KS3 Look at skeletons and investigate how the structure of individual parts is linked to function. There are photos of different skeletons at www.animalskeletons.net. Look at the jaws of modern carnivores, such as cats. Observe the large canines and the specialised carnassial teeth near the hinge of the jaw. Use scissors and cut cardboard to find out that the "strongest" cutting action is near the pivot of the scissors. Link this to the location of the carnassial teeth in the cat's jaw. Compare these teeth with those described for Tyrannosaurus rex.
KS4 Consider some of the problems associated with size in animals. Use Plasticine cubes of different side lengths (1cm, 2cm, 3cm and 4cm) and calculate the surface area-to-volume ratio of each. Draw graphs to show the relationship between this ratio and side length. Find out if there is a relationship with mass too. Do the well-known investigations modelling heat loss and gain in animals: with different sizes of container, monitor hot water cooling or ice melting and discuss how the findings relate to temperature regulation in mammals of different sizes . Ask students how these observations could apply to dinosaurs.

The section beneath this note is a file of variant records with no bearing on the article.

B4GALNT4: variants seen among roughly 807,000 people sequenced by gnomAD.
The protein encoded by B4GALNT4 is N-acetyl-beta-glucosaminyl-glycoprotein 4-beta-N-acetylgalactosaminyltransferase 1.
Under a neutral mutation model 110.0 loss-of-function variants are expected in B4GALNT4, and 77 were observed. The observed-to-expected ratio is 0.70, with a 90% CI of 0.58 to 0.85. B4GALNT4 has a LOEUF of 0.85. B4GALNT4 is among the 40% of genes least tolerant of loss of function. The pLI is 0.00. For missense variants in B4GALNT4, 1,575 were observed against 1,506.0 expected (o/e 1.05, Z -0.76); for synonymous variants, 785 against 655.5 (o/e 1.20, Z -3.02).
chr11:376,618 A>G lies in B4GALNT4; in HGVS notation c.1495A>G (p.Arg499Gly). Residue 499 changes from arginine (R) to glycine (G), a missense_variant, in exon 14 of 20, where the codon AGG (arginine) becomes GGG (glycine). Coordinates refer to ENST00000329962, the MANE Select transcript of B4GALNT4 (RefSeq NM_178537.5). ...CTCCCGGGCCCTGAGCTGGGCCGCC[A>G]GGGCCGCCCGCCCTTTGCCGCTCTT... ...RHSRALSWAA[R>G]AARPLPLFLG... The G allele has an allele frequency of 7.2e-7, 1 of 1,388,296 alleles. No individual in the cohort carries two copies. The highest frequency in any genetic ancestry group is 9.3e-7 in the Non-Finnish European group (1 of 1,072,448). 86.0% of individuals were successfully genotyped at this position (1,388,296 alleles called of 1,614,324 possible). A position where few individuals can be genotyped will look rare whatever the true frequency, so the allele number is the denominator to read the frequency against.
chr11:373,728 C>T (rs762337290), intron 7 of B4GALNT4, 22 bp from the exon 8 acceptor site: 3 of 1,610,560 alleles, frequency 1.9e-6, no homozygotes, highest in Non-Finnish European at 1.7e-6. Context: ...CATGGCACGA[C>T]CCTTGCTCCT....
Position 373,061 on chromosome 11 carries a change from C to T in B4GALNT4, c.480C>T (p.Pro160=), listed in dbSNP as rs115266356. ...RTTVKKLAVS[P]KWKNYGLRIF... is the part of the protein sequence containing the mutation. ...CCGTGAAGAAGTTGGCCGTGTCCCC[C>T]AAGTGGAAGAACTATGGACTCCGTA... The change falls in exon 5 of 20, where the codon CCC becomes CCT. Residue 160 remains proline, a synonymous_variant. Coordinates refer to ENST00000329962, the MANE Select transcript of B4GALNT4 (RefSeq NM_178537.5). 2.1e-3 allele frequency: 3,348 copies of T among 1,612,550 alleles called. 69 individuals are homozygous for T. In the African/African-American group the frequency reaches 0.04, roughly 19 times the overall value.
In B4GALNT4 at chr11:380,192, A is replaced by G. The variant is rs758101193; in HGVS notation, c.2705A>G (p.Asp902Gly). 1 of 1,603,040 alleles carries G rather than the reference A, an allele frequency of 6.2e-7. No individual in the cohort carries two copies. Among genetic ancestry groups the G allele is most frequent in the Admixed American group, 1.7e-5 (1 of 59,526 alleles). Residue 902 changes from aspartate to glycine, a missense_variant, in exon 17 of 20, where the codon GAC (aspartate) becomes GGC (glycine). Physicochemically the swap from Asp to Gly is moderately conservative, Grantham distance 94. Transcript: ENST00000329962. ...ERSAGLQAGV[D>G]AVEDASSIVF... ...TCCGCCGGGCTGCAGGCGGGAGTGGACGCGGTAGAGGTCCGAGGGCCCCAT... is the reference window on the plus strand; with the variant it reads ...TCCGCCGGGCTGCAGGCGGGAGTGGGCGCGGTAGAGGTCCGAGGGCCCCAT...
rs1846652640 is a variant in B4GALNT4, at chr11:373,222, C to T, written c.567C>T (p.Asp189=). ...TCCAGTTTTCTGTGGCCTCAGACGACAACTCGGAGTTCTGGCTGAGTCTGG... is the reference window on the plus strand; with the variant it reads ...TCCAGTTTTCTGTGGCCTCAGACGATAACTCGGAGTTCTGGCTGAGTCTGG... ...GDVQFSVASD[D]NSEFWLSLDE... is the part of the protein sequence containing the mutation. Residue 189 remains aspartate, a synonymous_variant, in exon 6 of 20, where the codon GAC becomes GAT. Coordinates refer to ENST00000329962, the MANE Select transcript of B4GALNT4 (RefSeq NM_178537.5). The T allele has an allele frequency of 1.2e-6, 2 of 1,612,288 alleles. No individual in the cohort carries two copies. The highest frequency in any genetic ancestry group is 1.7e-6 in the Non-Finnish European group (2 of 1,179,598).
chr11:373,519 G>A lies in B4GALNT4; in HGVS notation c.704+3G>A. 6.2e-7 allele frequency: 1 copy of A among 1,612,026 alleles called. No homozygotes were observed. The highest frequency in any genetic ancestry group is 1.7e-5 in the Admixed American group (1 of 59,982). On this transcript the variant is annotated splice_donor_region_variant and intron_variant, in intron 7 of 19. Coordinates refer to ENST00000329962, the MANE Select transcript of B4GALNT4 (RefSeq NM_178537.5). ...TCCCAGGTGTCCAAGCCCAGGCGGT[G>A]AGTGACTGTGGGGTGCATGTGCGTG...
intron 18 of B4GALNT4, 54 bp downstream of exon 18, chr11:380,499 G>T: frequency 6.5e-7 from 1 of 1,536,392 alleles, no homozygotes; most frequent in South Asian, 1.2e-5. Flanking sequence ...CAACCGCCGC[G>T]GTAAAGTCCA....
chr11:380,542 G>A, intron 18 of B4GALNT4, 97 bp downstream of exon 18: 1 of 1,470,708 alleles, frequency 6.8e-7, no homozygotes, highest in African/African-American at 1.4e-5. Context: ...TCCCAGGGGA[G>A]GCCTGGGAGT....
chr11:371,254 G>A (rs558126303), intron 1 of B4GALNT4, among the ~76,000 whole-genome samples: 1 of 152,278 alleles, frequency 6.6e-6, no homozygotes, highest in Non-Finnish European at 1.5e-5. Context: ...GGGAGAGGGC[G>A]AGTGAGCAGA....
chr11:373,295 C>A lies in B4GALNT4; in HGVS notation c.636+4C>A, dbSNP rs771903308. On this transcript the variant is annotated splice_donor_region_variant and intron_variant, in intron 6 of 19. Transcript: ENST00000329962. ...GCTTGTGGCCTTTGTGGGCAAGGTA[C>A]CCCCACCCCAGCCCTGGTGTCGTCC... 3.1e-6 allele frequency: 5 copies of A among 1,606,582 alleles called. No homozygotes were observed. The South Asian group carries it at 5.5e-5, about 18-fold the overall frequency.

KS5 Look in standard texts for information about the geological record and trace the way animals have become extinct. Consider the trilobite, the sabre-toothed tiger and the dodo as well as specific dinosaurs, and examples of very recently extinct species, such as the Spanish Mountain Goat (see news.bbc.co.uk1hiscitech598799.stm)